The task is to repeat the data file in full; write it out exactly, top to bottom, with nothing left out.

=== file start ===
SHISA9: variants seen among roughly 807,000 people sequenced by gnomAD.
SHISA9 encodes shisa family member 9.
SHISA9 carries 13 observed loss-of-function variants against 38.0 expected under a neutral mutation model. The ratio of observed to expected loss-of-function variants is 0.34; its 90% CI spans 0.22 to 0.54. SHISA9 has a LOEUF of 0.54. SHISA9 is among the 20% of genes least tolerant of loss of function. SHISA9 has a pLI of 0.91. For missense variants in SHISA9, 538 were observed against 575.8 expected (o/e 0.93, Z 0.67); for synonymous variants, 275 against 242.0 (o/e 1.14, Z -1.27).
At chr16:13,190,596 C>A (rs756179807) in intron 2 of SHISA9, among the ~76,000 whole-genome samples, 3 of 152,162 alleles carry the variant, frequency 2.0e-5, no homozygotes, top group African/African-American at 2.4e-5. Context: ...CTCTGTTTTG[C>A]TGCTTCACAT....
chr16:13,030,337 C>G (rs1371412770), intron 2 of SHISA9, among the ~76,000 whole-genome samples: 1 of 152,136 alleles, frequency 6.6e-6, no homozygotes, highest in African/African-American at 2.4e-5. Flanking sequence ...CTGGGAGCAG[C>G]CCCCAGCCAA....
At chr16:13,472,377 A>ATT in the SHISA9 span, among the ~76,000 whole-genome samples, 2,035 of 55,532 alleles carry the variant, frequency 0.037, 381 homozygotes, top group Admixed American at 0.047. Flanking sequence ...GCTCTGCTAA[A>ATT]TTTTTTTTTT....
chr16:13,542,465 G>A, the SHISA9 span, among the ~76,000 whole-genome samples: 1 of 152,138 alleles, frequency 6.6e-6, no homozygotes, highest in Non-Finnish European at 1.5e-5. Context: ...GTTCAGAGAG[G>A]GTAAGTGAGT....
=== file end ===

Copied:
SHISA9: variants seen among roughly 807,000 people sequenced by gnomAD.
SHISA9 encodes shisa family member 9.
SHISA9 carries 13 observed loss-of-function variants against 38.0 expected under a neutral mutation model. The ratio of observed to expected loss-of-function variants is 0.34; its 90% CI spans 0.22 to 0.54. SHISA9 has a LOEUF of 0.54. SHISA9 is among the 20% of genes least tolerant of loss of function. SHISA9 has a pLI of 0.91. For missense variants in SHISA9, 538 were observed against 575.8 expected (o/e 0.93, Z 0.67); for synonymous variants, 275 against 242.0 (o/e 1.14, Z -1.27).
At chr16:13,190,596 C>A (rs756179807) in intron 2 of SHISA9, among the ~76,000 whole-genome samples, 3 of 152,162 alleles carry the variant, frequency 2.0e-5, no homozygotes, top group African/African-American at 2.4e-5. Context: ...CTCTGTTTTG[C>A]TGCTTCACAT....
chr16:13,030,337 C>G (rs1371412770), intron 2 of SHISA9, among the ~76,000 whole-genome samples: 1 of 152,136 alleles, frequency 6.6e-6, no homozygotes, highest in African/African-American at 2.4e-5. Flanking sequence ...CTGGGAGCAG[C>G]CCCCAGCCAA....
At chr16:13,472,377 A>ATT in the SHISA9 span, among the ~76,000 whole-genome samples, 2,035 of 55,532 alleles carry the variant, frequency 0.037, 381 homozygotes, top group Admixed American at 0.047. Flanking sequence ...GCTCTGCTAA[A>ATT]TTTTTTTTTT....
chr16:13,542,465 G>A, the SHISA9 span, among the ~76,000 whole-genome samples: 1 of 152,138 alleles, frequency 6.6e-6, no homozygotes, highest in Non-Finnish European at 1.5e-5. Context: ...GTTCAGAGAG[G>A]GTAAGTGAGT....